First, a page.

In conclusion, the engineered ACE2 decoy exhibits potent neutralizing activity against SARS-CoV-2 variants, and the remarkable efficacy in monkeys highlights its potential for application in the treatment of humans.
About Professor Toru Okamoto from Juntendo University
Dr. Toru Okamoto is a Professor at the Department of Microbiology, Juntendo University School of Medicine. He has a broad background in molecular biology and virology. During his postdoctoral fellowship at Walter & Eliza Hall Institute in Australia, Prof. Okamoto was involved in the development of small chemical compounds targeting BCL2 protein family. Current research endeavors of Prof. Okamoto are aimed at the investigation of molecular mechanism of pathogenesis of hepatitis C, hepatitis B, and Flavivirus, including dengue or Japanese encephalitic virus. In 2016, Prof. Okamoto was awarded the ‘Sugiura Memorial Incentive Award for Young Virologist’ by the Japanese Society for Virology. During the COVID-19 pandemic, Prof. Okamoto expanded his experience to the field of SARS-CoV-2 and employed various animal models for SARS-CoV-2 research.
Emiko Urano1, Yumi Itoh2,3, Tatsuya Suzuki2,3, Takanori Sasaki4, Jun-ichi Kishikawa5, Kanako Akamatsu6, Yusuke Higuchi7, Yusuke Sakai8, Tomotaka Okamura1, Shuya Mitoma9, Fuminori Sugihara10, Akira Takada2, Mari Kimura2, Shuto Nakao2, Mika Hirose5, Tadahiro Sasaki11, Ritsuko Koketsu11, Shunya Tsuji12, Shota Yanagida13, Tatsuo Shioda11,14, Eiji Hara12,14, Satoaki Matoba7, Yoshiharu Matsuura14, Yasunari Kanda13, Hisashi Arase14,15,16, Masato Okada6,14,15,17, Junichi Takagi14,18, Takayuki Kato5,14,16, Atsushi Hoshino7, Yasuhiro Yasutomi1,19, Akatsuki Saito9,20,21, Toru Okamoto2,3,14
|Title of original paper
|An inhaled ACE2 decoy confers protection against SARS-CoV-2 infection in preclinical models
|Science Translational Medicine
1Laboratory of Immunoregulation and Vaccine Research, Tsukuba Primate Research Center, National Institutes of Biomedical Innovation, Health and Nutrition, Tsukuba, Japan.
2Institute for Advanced Co-Creation Studies, Research Institute for Microbial Diseases, Osaka University, Osaka, Japan.
3Department of Microbiology, Juntendo University School of Medicine, Japan
4Collaborative Research Center for Okayama Medical Innovation Center, Dentistry, and Pharmaceutical Sciences, Dentistry and Pharmaceutical Sciences, Okayama University Graduate School of Medicine, Okayama, Japan.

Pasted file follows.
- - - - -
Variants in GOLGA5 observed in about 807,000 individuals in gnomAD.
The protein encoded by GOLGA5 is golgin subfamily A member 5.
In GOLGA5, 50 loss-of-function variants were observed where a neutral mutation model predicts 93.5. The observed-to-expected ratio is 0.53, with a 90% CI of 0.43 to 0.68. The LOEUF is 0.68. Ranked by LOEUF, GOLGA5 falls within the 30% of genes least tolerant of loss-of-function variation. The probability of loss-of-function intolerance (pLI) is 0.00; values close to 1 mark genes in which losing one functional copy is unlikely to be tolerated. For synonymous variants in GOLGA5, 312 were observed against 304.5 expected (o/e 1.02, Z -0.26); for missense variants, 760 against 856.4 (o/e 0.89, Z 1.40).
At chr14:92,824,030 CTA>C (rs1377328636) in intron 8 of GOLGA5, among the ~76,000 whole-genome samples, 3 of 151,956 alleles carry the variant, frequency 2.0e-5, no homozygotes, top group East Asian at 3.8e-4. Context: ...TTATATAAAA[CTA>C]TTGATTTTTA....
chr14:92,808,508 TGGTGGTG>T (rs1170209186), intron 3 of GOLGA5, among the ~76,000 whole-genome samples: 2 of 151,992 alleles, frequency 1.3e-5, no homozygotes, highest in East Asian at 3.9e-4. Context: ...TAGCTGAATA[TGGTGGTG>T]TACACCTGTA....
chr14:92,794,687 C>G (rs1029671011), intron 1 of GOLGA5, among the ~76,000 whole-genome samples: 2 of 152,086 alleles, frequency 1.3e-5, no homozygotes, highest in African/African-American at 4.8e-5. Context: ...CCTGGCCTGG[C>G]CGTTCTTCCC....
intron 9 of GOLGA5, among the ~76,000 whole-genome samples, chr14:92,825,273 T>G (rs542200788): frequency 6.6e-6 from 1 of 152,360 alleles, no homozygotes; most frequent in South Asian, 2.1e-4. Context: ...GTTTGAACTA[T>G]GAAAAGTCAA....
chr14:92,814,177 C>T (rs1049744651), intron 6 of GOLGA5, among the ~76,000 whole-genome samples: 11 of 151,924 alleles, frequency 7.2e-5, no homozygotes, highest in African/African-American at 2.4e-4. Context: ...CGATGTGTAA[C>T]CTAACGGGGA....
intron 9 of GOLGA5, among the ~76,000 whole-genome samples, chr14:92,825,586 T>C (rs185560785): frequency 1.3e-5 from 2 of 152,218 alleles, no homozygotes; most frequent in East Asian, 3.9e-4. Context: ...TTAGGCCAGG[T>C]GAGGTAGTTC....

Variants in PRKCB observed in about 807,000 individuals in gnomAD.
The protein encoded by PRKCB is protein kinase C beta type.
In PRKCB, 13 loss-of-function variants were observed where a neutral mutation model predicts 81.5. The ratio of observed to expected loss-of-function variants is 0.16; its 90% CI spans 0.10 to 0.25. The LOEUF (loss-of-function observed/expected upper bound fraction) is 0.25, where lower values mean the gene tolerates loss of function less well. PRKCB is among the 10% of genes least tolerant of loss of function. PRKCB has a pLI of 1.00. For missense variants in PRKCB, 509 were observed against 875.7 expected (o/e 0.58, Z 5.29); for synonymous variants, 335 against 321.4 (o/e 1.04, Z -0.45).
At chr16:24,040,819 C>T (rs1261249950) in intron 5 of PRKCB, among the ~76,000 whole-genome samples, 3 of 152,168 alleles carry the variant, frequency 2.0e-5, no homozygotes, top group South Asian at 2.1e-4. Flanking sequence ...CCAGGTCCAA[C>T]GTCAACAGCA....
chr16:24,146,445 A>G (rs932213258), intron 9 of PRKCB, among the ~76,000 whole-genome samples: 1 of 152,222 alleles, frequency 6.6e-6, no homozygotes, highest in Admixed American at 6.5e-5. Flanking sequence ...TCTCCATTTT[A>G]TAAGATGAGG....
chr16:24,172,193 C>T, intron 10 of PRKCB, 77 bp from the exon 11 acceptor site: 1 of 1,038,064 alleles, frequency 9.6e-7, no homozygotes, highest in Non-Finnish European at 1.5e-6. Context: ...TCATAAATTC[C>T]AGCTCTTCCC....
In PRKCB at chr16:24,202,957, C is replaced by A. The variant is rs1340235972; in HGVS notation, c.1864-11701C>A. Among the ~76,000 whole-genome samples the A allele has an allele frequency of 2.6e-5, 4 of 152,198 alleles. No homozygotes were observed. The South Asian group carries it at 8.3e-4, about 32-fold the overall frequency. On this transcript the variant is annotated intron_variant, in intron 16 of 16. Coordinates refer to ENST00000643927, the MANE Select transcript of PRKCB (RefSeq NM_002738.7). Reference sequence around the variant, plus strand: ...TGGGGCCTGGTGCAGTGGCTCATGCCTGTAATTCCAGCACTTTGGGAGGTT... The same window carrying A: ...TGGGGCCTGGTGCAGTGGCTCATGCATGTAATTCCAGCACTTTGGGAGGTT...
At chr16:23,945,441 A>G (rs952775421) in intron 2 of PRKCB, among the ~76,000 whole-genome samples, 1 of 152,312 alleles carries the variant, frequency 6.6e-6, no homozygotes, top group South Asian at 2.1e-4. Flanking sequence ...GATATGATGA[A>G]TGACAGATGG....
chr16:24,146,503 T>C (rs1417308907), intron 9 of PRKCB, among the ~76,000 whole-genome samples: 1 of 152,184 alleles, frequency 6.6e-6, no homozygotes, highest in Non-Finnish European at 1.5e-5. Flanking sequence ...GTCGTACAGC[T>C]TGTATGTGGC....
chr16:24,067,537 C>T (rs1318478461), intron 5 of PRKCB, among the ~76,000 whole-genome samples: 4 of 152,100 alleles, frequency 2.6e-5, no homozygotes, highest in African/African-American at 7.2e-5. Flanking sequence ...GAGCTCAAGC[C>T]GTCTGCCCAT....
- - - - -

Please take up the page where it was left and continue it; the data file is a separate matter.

5Laboratory of CryoEM Structural Biology, Institute for Protein Research, Osaka University, Osaka, Japan.
6Department of Oncogene, Research Institute for Microbial Diseases, Osaka University, Osaka, Japan.
7Department of Cardiovascular Medicine, Graduate School of Medical Science, Kyoto Prefectural University of Medicine, Kyoto, Japan.
8Department of Pathology, National Institute of Infectious Diseases, Tokyo, Japan.
9Department of Veterinary Science, Faculty of Agriculture, University of Miyazaki, Japan.
10Central Instrumentation Laboratory, Research Institute for Microbial Diseases, Osaka University, Japan.
11Department of Viral Infection, Research Institute for Microbial Diseases, Osaka University, Japan.
12Department of Molecular Microbiology, Research Institute for Microbial Diseases, Osaka University, Japan.
13Division of Pharmacology, National Institute of Health Sciences, Kanagawa, Japan.
14Center for Infectious Disease Education and Research, Osaka University, Japan.
15Department of Immunochemistry, Research Institute for Microbial Diseases, Osaka University, Japan.
16Center for Advanced Modalities and Drug Delivery System, Osaka University, Japan.
17Laboratory of Oncogene research, World Premier International Immunology Frontier Research Centre, Osaka University, Japan.
18Laboratory of Protein Synthesis and Expression, Institute for Protein Research, Osaka University, Japan.
19Department of Molecular and Experimental Medicine, Mie University Graduate School of Medicine, Japan.
20Center for Animal Disease Control, University of Miyazaki, Japan.
21Graduate School of Medicine and Veterinary Medicine, University of Miyazaki, Japan